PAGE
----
Date of Award


Degree Type


Degree Name

Master of Science in Mechanical Engineering and Applied Mechanics


Mechanical, Industrial and Systems Engineering

First Advisor

Manbir Sodhi


The knowledge of the location and the stock of work pieces are essential for companies to produce their products more effectively. Radio Frequency Identification (RFID) is becoming a widely used technology for this purpose. The goal of this thesis is to study the application of RFID for localization of work pieces in a manufacturing environment.

To achieve this goal, this report reviews different localization and identification systems. Then, requirements for an ideal system are establish. The system that best meets the requirements is determined to be an RFID system. The components of an RFID system are described, and since the antenna is a critical component of RFID systems, different antenna constructions and the important Friis formula are discussed.

After that, scenarios for localization of parts in an assembly line are listed. From these, the localization of work pieces in a warehouse is selected for further investigation. An experiment to determine the location of tags in this environment is designed. Data from multiple readings are recorded.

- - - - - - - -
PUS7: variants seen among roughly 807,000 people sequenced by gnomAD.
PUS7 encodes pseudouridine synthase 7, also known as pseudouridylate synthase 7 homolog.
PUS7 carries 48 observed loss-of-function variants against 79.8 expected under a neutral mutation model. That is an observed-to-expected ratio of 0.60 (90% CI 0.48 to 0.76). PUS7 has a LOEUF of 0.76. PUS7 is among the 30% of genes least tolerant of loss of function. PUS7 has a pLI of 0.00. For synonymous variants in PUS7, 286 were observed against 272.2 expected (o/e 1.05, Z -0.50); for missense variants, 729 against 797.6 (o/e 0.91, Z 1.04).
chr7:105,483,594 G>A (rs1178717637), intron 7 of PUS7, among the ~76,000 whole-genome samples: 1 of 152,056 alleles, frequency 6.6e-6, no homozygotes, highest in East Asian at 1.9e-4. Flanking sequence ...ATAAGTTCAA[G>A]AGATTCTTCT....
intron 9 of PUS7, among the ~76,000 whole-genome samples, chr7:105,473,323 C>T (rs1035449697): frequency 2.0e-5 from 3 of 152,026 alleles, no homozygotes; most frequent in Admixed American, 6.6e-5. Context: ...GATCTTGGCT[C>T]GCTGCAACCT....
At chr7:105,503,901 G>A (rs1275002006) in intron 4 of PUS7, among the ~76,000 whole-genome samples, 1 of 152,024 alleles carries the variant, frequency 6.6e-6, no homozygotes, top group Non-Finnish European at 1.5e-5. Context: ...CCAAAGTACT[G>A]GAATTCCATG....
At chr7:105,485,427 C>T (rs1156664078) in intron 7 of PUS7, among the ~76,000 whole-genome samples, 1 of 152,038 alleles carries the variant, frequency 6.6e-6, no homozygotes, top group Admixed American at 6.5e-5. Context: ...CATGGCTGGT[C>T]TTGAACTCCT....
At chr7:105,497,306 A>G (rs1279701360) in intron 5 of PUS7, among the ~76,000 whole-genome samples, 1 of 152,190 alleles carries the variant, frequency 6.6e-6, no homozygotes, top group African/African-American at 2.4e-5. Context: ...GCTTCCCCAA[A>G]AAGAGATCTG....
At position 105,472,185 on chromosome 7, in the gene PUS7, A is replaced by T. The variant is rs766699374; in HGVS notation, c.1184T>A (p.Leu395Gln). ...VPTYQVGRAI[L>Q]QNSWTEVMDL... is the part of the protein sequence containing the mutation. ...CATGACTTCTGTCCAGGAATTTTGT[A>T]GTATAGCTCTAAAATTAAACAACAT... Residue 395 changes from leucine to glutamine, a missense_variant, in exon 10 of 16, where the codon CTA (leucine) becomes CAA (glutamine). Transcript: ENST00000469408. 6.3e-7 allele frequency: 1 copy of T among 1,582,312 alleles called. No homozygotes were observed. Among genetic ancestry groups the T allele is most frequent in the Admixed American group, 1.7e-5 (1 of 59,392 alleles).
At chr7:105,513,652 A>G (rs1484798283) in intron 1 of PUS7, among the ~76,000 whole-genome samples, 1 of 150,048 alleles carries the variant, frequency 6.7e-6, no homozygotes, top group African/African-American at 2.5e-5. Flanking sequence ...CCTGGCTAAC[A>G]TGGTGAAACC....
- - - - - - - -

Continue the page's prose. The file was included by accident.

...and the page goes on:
Then the recorded data for the described experiment are analyzed. The data indicate that the read range of the antenna is not symmetric and that every tag has a different response in the amount of counts. All recorded data imply that the amount of counts depends on the orientation and distance between tag and antenna, the antenna power and the number of read tags.

From the findings the localization of tags can be done by the following procedure. The first step is a scan with the maximum antenna power. The result of that scan is a list with all tags in the antenna read range. After this scan the antenna power has to decrease and the next scan starts. The decreasing antenna power leads to a decreasing read range. Below a certain antenna power, the tags read with the full antenna power cannot be read anymore because the distance between tag and antenna is larger than the antenna read range. With the known shape of the read range for the lowest antenna power were a tag could be detected it can be assumed that the tag is at the border of this read range. When this procedure is carried out at multiple antenna positions, the tag location could be determined.